Viral lysis of prokaryotic cells releases organic material, which supports growth and nutrient recycling by non-infected cells [18, 31, 32]. With a mean cellular biomass of 20 fg C cell−1 for prokaryotic assemblages in the sediments [8], our calculation of carbon released by potential viral lysis in the Baltic Sea sediments ranges from 0.03 to 0.81 μg cm−3 d−1. Previous studies showed that the majority of dissolved organic carbon in the sediment was recalcitrant and cannot be easily utilized by microbes [2]. Although the amount of carbon released by viral lysis is small relative to the total organic matter degraded by microorganisms, its bio-availability is high [33, 34]. Ultimately, virus recycled organic carbon may support a part of the bacteria production in the deep biosphere.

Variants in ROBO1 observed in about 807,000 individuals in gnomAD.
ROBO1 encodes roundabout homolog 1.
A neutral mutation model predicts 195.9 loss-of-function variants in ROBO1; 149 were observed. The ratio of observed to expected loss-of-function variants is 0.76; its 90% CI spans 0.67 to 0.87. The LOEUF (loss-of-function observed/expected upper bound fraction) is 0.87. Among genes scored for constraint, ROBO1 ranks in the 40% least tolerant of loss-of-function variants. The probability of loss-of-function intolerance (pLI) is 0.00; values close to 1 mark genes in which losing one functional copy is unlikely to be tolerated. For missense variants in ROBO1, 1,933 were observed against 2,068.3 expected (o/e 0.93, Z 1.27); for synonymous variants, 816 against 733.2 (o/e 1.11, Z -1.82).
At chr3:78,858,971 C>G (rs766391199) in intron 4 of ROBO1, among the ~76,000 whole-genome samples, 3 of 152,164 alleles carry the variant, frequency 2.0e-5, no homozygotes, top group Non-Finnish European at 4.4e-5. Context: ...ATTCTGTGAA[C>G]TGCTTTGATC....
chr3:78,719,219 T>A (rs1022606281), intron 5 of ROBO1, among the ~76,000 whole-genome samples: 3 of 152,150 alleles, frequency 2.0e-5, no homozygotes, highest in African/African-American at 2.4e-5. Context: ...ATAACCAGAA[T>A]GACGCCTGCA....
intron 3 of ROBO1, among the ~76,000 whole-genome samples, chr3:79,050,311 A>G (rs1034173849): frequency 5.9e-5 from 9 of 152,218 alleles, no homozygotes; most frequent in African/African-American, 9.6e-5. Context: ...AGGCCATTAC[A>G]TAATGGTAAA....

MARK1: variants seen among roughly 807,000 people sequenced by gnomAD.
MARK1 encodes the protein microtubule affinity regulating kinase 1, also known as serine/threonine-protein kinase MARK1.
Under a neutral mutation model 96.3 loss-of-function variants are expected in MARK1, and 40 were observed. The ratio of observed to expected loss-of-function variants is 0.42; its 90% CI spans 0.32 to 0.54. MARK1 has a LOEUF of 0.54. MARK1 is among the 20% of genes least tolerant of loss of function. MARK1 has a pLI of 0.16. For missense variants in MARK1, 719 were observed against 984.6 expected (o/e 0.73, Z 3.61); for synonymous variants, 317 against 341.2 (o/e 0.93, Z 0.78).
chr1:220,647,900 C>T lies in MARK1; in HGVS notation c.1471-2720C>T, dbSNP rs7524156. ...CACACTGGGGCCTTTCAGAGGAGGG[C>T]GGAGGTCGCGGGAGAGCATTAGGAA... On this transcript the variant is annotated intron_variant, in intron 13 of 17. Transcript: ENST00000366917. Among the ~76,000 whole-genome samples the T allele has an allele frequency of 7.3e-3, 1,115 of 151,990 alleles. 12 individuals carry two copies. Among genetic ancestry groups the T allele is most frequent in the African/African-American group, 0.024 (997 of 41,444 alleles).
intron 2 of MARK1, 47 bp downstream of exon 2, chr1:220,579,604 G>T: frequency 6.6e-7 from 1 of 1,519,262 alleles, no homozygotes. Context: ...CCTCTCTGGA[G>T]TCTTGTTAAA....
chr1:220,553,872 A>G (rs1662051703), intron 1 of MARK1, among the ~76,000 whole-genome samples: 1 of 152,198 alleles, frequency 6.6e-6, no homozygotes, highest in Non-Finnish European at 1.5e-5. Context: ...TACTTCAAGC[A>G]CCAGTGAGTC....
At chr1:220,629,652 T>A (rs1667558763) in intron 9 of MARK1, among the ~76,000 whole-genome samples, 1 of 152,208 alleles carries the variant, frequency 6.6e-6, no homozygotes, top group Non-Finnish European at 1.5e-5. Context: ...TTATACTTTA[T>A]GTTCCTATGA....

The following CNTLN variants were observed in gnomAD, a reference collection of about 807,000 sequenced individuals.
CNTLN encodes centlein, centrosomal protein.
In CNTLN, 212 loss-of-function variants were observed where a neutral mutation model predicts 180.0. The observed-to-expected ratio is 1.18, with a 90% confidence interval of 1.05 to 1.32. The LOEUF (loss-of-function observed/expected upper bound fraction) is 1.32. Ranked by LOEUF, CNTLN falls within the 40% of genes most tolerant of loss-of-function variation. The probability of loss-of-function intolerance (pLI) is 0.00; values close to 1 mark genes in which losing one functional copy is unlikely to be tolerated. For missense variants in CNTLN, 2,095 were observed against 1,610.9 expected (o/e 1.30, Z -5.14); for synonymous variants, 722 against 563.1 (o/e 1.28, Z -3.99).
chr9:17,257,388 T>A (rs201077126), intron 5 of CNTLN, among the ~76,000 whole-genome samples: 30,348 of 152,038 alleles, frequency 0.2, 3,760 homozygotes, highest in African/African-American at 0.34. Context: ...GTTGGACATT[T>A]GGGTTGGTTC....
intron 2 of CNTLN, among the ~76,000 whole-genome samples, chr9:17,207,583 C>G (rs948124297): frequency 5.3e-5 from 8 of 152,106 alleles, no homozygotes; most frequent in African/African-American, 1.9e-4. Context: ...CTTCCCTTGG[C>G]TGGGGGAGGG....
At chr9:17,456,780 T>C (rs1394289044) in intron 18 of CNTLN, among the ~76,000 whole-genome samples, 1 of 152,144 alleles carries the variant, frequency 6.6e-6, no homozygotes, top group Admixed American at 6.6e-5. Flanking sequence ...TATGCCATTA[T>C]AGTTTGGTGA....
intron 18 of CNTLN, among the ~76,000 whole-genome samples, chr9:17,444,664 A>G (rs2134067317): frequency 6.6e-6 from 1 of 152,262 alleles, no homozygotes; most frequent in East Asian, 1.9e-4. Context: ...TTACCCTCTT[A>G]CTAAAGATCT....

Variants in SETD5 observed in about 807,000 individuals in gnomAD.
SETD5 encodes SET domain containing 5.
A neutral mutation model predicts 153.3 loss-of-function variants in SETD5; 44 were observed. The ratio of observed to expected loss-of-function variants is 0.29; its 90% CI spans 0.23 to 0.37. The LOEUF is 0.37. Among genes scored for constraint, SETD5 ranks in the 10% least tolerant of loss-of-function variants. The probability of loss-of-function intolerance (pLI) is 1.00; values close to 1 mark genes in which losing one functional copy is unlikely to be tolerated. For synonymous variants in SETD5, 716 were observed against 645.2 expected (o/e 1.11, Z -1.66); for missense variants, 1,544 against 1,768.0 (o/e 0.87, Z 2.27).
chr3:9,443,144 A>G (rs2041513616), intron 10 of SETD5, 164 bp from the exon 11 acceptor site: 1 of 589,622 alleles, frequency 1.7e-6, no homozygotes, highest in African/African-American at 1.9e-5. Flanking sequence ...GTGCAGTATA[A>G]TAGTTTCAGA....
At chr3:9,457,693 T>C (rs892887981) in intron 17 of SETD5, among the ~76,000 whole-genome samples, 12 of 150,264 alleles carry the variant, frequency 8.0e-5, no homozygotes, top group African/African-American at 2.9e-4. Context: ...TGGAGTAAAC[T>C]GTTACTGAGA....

Overall, this study demonstrates that viruses are abundant, diverse, and likely active members of sub-seafloor Baltic Sea sediments. On average, there are billions of viral particles per cm3 of sediment, which display high morphological diversity based on TEM, and high genetic diversity based on sequence analysis of g23 as a marker gene for T4-like phages. Our analysis of the sequences also suggests that some viruses in the deep sediments originated from the overlying water column. The detection of cyanophage-like sequences in the Baltic Sea sediments indicates long-term virus preservation. High potential viral production and visibly infected prokaryotic cells provide strong evidence that viral infection is ongoing and is a potential source of microbial mortality in the deep biosphere. This is of particular importance in an environment in which other direct sources of microbial mortality may be absent or rare. Taken together, our results show that viruses are an abundant, active, and diverse component of the deep biosphere with important potential influence on microbial ecology and biogeochemical cycling.